Sharp home price pullback
Government index shows the largest quarter-to-quarter fall off in home price increases in three decades.
NEW YORK (CNNMoney.com) -- New evidence of a housing market slowdown emerged Tuesday - growth in the price of a single family home was just 1.17 percent in the second quarter, a decline of more than one percentage point from the prior quarter when prices grew 2.20 percent.
The Office of Federal Housing Enterprise Oversight (OFHEO), which released the report, said it was the slowest quarterly increase since the fourth quarter of 1999 and was the sharpest quarter-to-quarter pullback since OFHEO began the index in 1975.
The year-over-year price gain was 10.06 percent.
OFHEO's numbers are generally regarded as the most accurate gauge of housing prices. Instead of measuring the average sale prices of homes, it compares repeat sale prices of the same single family homes.
Even so, according to Jonathan Miller of Miller Samuel, an appraiser in New York, the slowdown may be even more pronounced than the numbers are showing.
"The index may not reflect what's really happening out there," he said.
Miller thinks that many sellers are holding out for unrealistically high asking prices, and the buyers actually purchasing homes are only the ones willing to pay those higher prices. "That's why there's been such a drop-off in volume," says Miller.
In a normal market those sellers would more readily accept lower bids but, conditioned to oversized price increases, they are reluctant to abandon their asking prices.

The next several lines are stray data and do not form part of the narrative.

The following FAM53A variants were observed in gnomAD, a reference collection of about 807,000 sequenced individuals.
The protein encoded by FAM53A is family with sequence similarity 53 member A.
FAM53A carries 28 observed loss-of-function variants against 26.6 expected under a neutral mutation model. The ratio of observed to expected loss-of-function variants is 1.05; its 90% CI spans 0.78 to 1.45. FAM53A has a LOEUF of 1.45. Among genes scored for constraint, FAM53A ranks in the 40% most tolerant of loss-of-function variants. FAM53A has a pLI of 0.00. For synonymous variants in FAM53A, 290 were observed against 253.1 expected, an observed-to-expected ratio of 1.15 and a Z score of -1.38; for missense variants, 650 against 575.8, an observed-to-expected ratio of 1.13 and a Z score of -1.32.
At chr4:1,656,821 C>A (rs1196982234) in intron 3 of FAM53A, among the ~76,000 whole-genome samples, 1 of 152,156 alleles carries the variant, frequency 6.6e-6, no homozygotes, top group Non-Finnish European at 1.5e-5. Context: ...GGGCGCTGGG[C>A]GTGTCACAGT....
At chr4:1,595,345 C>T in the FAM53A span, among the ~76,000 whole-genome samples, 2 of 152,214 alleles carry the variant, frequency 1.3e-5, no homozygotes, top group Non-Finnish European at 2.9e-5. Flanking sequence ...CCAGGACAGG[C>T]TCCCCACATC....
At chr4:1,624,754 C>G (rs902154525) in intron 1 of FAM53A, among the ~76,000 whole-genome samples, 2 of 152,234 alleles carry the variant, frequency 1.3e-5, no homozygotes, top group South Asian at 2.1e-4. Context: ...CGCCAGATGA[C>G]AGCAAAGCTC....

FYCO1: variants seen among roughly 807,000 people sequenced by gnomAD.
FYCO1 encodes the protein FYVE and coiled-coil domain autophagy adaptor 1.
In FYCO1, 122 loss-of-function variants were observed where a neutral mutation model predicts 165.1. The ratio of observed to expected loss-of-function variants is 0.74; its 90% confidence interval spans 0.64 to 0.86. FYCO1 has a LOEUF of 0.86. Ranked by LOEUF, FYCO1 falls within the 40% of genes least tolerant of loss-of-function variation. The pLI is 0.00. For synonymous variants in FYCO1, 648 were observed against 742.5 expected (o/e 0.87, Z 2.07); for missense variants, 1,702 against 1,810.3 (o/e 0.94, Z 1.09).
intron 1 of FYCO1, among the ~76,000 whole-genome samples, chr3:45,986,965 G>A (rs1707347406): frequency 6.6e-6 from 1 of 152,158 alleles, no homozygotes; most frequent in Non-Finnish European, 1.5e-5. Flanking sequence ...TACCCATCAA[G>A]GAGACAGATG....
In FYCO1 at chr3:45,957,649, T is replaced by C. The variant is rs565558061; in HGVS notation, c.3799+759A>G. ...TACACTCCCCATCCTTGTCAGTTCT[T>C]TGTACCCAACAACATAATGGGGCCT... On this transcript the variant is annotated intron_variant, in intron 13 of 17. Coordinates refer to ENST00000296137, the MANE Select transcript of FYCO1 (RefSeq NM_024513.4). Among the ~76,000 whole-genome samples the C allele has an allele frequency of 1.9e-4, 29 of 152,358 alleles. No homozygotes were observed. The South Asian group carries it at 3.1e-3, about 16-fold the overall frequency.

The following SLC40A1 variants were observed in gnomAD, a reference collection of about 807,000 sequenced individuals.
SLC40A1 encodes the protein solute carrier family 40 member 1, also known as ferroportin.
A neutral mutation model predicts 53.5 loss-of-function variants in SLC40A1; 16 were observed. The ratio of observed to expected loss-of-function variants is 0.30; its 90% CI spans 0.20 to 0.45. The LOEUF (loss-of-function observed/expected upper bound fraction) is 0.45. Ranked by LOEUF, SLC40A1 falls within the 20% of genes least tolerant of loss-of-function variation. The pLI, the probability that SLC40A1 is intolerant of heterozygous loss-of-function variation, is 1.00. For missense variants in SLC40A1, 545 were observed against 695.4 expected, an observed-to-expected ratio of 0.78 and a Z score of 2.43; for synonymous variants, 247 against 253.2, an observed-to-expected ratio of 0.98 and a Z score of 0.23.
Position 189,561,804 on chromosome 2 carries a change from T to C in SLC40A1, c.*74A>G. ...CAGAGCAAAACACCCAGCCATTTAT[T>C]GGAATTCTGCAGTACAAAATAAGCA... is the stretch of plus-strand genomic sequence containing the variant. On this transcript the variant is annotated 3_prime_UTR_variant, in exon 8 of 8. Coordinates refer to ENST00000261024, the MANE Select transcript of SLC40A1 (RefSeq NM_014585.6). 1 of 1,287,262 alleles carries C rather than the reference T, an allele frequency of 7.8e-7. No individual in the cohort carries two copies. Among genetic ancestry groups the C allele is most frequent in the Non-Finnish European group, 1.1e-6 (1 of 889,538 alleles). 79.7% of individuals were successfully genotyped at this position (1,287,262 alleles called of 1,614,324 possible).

To close deals with the on-the-fence or reluctant buyers, sellers will have to drop their prices and only then will the index reflect the actual market. The effect could snowball if sellers get a bit panicky and try to unload their properties quickly, before prices erode further.
All markets are local
The release from OFHEO said that appreciation in many states declined dramatically and the largest effects were felt in states that had experienced the greatest increases in recent years, such as Arizona and Florida.
"Of the seven states that saw more than 80 percent appreciation over the 2001-2005 period," read the report, "only Rhode Island's appreciation rate has increased over the last year. The remaining markets experienced rapid decelerations."
Conversely, states where prices appreciated more modestly over the past few years experienced more modest pullbacks this quarter.
In Arizona, the average home sold for 2.94 percent more than during the first quarter. That was after five years of rapid growth during which prices nearly doubled.
Florida prices, which spiked nearly 113 percent over the past five years, rose just 2.51 percent.
Michigan was the worst performing state during the quarter. Prices fell 0.72 percent. Other losers include Massachusetts (down 0.44 percent ) and Maine (down 0.20 percent).
The number one gainer among metro areas was Bend, Oregon, where the median price rose 7.37 percent for the quarter and 36.65 percent in the past 12 months.
The biggest fall was endured by Columbus, Indiana, where prices declined 3.55 percent for the quarter. Ann Arbor, Michigan prices fell 1.28 percent for the year, the most of any metro area.